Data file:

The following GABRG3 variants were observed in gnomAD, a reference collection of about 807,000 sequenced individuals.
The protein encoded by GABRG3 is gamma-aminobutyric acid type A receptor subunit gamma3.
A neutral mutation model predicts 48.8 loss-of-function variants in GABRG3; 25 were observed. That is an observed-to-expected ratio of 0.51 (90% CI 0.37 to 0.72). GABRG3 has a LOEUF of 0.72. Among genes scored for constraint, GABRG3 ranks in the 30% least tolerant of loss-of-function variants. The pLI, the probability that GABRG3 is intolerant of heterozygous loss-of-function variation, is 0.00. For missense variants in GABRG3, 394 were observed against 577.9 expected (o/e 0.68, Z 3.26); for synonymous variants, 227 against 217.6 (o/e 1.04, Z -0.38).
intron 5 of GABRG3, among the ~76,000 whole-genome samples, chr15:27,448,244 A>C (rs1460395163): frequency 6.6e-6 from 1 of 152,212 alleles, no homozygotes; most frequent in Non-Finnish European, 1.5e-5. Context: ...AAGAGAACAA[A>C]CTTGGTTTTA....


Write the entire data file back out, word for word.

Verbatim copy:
The following GABRG3 variants were observed in gnomAD, a reference collection of about 807,000 sequenced individuals.
The protein encoded by GABRG3 is gamma-aminobutyric acid type A receptor subunit gamma3.
A neutral mutation model predicts 48.8 loss-of-function variants in GABRG3; 25 were observed. That is an observed-to-expected ratio of 0.51 (90% CI 0.37 to 0.72). GABRG3 has a LOEUF of 0.72. Among genes scored for constraint, GABRG3 ranks in the 30% least tolerant of loss-of-function variants. The pLI, the probability that GABRG3 is intolerant of heterozygous loss-of-function variation, is 0.00. For missense variants in GABRG3, 394 were observed against 577.9 expected (o/e 0.68, Z 3.26); for synonymous variants, 227 against 217.6 (o/e 1.04, Z -0.38).
intron 5 of GABRG3, among the ~76,000 whole-genome samples, chr15:27,448,244 A>C (rs1460395163): frequency 6.6e-6 from 1 of 152,212 alleles, no homozygotes; most frequent in Non-Finnish European, 1.5e-5. Context: ...AAGAGAACAA[A>C]CTTGGTTTTA....